All of this is fundamentally complicated. Instead of a decision tree with two options, ‘Civilization’ vs. ‘Nature,’ there is actually a space populated with a multitude of positions. As someone touched by a moderate amount of biophilia my vision for the future is one of arcology based urbanism, massively scaled up algaculture, and megafaunal rewilding through genetic engineering and ancient DNA. Rather than idealize a mythic past we should endeavor to forge a new future. So it was, and so shall it ever be.

## December 12, 2012

### A lighter shade of brown: Dan MacArthur, look east or south!

Filed under: Genetics,Genomics,Human Genetics,Human Genomics — Razib Khan @ 2:58 pm

South Indian Udupi cuisine

In the post below I offered up my supposition that Dan MacArthur’s ancestry is unlikely to be Northwest Indian, which precludes a Romani origin for his South Asian ancestry. Indeed this is almost certainly so, Dienekes Pontikos followed up my crude analyses with IBD-sharing calculations (IBD = ‘identity by descent,’ which is basically what you would think it is). The South Asian population which MacArthur has the closest affinity to is from Karnataka, which is one of the Dravidian speaking states of the South. This does not necessarily refute my earlier contention, as aside from Brahmins most Bengalis seem to have broad South Indian affinities, except for the fact that they often have more East Asian ancestry.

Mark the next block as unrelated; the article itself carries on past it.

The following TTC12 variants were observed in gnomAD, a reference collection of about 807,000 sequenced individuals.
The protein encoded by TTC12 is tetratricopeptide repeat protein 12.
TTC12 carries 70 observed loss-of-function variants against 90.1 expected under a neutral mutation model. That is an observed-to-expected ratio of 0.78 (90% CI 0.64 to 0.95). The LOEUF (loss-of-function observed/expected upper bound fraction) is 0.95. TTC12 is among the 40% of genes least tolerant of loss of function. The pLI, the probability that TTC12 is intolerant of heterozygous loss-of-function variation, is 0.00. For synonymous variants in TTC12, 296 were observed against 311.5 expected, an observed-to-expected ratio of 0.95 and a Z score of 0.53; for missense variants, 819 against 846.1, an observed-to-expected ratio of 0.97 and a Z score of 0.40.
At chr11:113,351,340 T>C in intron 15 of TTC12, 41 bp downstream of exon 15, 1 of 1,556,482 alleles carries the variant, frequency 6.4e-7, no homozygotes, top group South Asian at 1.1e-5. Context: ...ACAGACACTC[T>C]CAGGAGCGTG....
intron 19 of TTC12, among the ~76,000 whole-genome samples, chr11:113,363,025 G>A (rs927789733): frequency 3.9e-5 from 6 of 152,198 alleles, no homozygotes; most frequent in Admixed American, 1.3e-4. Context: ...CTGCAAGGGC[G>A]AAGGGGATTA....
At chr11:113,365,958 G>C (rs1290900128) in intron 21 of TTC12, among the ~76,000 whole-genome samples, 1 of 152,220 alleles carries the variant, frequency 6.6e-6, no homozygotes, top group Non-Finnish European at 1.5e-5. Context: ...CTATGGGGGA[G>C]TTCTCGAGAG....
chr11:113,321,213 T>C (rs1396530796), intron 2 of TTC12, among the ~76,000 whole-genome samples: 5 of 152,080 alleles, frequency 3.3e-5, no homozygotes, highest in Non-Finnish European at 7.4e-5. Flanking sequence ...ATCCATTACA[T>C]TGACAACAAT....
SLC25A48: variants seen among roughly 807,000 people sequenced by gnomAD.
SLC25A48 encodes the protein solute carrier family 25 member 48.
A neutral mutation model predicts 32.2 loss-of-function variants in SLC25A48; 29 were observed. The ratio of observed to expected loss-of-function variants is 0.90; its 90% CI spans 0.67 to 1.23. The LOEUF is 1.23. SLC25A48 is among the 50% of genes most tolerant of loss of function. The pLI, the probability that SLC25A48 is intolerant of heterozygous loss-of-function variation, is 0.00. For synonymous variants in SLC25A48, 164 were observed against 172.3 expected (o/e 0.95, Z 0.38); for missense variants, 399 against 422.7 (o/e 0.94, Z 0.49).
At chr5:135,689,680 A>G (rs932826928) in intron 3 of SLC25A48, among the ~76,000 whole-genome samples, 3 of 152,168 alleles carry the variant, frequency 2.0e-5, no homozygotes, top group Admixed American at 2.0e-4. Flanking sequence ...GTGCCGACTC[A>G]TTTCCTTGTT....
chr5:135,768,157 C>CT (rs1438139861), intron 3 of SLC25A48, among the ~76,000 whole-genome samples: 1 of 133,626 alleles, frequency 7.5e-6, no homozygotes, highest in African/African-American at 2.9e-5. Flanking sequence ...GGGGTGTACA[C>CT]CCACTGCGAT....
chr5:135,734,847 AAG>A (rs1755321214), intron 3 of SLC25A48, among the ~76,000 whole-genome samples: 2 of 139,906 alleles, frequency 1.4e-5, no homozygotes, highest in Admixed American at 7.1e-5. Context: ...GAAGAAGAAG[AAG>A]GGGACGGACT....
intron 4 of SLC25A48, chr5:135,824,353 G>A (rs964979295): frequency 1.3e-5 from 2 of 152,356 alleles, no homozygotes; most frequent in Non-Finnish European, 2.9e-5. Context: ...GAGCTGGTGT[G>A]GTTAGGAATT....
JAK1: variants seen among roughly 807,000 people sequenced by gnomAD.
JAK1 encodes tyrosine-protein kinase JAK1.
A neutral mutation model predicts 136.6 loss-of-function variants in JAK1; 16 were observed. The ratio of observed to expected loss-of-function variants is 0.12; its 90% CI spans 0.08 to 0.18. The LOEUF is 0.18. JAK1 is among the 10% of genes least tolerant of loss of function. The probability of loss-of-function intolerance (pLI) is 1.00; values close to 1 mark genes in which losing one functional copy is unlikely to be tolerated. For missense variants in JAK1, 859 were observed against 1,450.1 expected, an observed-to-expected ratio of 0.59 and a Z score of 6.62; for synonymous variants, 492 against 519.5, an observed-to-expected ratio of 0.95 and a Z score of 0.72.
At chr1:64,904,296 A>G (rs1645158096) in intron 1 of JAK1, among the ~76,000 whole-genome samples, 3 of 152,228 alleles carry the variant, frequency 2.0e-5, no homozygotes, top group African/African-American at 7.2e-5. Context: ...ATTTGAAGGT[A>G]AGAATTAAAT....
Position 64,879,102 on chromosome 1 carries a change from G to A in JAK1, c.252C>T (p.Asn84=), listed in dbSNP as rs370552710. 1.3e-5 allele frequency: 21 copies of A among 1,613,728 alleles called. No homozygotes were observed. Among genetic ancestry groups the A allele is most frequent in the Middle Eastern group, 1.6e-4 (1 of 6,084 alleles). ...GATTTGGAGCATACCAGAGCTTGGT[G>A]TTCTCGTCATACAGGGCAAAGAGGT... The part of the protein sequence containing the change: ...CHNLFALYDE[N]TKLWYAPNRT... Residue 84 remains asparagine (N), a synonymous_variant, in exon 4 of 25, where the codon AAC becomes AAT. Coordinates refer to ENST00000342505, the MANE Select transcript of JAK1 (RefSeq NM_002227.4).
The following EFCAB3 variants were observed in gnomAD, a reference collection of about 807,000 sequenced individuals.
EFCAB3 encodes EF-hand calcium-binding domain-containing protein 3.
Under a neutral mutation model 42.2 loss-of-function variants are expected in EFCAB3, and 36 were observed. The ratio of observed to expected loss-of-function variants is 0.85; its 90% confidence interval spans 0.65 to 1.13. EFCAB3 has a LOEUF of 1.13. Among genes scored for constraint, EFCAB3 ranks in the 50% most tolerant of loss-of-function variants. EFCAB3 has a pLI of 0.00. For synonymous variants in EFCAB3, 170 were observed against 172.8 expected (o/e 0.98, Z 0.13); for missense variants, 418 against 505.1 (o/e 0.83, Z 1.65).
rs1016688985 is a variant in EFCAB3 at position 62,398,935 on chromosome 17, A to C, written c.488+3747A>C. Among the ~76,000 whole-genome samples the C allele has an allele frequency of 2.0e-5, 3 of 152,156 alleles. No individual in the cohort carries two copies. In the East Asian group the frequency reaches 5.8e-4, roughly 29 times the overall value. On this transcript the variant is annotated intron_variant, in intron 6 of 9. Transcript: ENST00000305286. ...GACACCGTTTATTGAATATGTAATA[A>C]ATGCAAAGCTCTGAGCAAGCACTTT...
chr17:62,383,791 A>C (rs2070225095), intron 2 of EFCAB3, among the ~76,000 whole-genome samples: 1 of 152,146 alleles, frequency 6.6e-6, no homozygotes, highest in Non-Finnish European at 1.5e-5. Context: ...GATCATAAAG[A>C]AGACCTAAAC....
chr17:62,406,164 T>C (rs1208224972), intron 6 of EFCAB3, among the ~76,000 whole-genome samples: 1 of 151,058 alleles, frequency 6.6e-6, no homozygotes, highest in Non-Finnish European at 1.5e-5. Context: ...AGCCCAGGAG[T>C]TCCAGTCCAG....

Now, I may seem a touch obsessive on this issue at this point. There are several things motivating me. First, this was laying around in plain sight, but we missed it for years! Second, I’ve known Dan for a while, so this is very amusing on a personal level. Third, Dienekes’ has been pushing me to continue my exploration in a friendly competition. None of this is very difficult, and I’ve been going at it in the early hours of the day before work, or right before I go to sleep. In short, I’m doing this in part to show that you don’t need to just talk genomics, you too can do genomics. Ironically the age of “Big Data” is also the age of distributed data.

### A lighter shade of brown: the Dan MacArthur chronicles, not a Romani

Filed under: Anthroplogy,Daniel MacArthur,Human Genetics,Human Genomics — Razib Khan @ 9:25 am

Pakistani honor guard

A few days ago I suggested that Dr. Daniel MacArthur might have South Asian ancestry. Now, when confronted with surprise the best option is to stick with your prior assumption, unless that surprise is powerful enough for you to “update” your model. After a few days of further analysis I will update: I do think Dan MacArthur has South Asian ancestry. Dienekes dug further, and noticed that there are hallmarks of “Ancestral South Indian” ancestry along the first 2/3 or so of chromosome 10. Now, you do have to remember that this genomic region is only half South Asian. The other half is European.

But in any case, one question that some people brought up: perhaps MacArthur has Romani heritage? I’m skeptical of this partly because:

1) there weren’t that many Romani in Britain in the 19th century